Nets Notes: Durant, Marks, Nash, Simmons, Curry

Kevin Durant‘s four-year contract extension with the Nets, which he signed last year, went into effect the day after he made his trade request and includes advance payment language that required the team to cut him a hefty pay check on July 1, Marc Stein writes in his latest Substack story.

As we noted earlier today in our list of this season’s highest-paid players, Durant is owed a $42,969,845 base salary in 2022/23. According to Stein, the star forward’s contract calls for him to receive 50% of that figure ($21,484,922) in a pair of installments on July 1 and October 1. That means that Durant received $10,742,461 from the Nets on the day after he asked the team to trade him.

As Stein observes, the fact that Durant is owed another $10.7MM+ on October 1 adds another layer of drama to the question of whether or not he’ll show up for training camp during the last week of September if he hasn’t been traded by then. If he doesn’t report, it’s possible the Nets would decide to withhold that payment.

Here’s more out of Brooklyn:

  • Elsewhere in his Substack story, Stein says there’s a growing belief among rival teams that Durant knew Nets owner Joe Tsai wouldn’t actually fire GM Sean Marks and head coach Steve Nash when KD made his ultimatum. One prevailing theory, according to Stein, is that Durant is trying to sow discord in an effort to make the Nets lower their asking price and trade him “out of exasperation.” If that’s the endgame, it doesn’t appear to being according to plan so far.
  • ESPN and ABC analyst Jeff Van Gundy said during a Sirius XM Radio appearance that he believes the relationship between Durant and the Nets (including Marks and Nash) can still be salvaged.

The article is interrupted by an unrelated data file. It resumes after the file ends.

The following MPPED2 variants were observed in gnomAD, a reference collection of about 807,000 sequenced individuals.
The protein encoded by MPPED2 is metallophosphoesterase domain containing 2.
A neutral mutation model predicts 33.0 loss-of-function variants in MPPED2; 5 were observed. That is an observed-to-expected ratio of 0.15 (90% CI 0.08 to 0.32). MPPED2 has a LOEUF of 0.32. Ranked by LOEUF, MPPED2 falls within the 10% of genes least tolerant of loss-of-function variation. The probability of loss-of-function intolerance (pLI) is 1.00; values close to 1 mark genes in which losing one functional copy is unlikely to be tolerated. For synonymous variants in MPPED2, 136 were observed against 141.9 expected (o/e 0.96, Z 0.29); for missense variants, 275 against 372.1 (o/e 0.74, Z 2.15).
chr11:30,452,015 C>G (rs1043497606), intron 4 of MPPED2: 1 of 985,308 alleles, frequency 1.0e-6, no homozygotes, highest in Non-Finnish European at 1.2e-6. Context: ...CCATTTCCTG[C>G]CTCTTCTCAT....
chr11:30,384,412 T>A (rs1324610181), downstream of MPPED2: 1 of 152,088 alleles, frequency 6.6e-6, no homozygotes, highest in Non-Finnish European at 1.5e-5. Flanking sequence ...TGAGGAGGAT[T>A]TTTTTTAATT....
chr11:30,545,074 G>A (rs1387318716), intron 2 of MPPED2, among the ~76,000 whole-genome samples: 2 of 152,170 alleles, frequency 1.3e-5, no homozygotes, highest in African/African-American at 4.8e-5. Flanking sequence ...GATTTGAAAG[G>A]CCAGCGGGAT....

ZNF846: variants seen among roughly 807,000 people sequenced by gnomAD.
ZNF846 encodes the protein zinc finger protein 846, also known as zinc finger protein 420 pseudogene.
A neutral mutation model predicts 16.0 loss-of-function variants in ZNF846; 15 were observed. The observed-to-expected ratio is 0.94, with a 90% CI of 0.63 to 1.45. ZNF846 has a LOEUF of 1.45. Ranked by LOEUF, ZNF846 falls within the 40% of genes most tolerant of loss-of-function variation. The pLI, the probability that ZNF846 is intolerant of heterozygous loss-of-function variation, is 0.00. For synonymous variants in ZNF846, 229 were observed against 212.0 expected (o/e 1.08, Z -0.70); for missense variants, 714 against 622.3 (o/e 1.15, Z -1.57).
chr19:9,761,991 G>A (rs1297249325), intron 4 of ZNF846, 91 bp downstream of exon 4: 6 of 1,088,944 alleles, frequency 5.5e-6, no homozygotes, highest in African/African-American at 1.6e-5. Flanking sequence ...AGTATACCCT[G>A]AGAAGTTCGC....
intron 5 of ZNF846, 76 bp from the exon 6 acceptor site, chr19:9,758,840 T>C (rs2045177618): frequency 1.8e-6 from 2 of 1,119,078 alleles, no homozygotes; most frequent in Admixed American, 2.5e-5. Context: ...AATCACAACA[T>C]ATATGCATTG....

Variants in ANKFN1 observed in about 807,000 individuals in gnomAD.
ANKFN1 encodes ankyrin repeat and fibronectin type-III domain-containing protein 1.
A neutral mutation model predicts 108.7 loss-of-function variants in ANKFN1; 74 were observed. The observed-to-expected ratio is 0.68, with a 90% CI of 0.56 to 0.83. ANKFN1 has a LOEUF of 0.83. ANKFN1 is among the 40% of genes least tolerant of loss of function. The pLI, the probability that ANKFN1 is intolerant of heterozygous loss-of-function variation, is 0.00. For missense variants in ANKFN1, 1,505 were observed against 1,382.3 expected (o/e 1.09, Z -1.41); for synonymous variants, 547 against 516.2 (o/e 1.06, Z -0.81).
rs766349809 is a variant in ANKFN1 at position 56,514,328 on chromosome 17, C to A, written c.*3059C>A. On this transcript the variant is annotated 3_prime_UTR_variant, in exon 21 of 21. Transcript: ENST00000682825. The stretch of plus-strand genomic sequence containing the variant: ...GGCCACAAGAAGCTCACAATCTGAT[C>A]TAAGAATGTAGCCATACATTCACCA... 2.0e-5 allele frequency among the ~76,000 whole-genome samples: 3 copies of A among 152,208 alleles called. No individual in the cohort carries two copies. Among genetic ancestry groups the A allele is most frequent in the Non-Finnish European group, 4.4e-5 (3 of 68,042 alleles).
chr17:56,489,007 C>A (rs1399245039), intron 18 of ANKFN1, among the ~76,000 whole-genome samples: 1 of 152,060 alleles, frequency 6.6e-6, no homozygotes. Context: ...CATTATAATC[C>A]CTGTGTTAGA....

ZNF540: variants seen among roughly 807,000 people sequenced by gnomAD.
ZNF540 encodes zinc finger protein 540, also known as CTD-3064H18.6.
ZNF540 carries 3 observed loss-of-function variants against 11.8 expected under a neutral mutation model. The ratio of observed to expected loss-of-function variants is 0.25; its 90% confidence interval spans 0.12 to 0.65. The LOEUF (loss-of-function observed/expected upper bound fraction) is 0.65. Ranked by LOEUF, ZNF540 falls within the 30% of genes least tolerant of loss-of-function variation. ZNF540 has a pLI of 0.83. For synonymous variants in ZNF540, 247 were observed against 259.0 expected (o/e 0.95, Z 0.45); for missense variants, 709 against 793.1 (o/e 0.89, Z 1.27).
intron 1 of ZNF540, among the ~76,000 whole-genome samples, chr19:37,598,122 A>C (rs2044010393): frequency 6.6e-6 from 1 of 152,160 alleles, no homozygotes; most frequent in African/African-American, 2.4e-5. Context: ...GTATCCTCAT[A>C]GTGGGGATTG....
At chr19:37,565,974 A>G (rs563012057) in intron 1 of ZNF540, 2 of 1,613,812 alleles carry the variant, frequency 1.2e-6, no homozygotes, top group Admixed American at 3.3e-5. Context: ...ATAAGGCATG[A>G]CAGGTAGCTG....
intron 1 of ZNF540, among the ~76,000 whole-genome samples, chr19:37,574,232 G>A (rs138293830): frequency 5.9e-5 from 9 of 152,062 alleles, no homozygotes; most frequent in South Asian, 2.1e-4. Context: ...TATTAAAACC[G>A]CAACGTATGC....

“I think it would be an awkward couple of days and then you win three in a row because I think if (Ben) Simmons comes back, (Joe) Harris comes back, (Kyrie) Irving is in a right space and is able to play and Durant comes back, they’ve got a really good team,” Van Gundy said, per Adam Zagoria of “And so winning helps camouflage any bad feelings and so I don’t think it will be as bad for as long as people might suspect on the outside.”
  • Simmons and Seth Curry are both eligible for contract extensions with the Nets, but Alex Schiffer of The Athletic doesn’t expect Brooklyn to lock up either player until the team has more clarity on its future. Even if the Nets get resolution on Durant and Irving, it seems unlikely they’d pursue an extension with Simmons, who has yet to play a game for the club and still has two years left on his current contract, but Curry – a free agent in 2023 – would be a logical candidate for a new deal.
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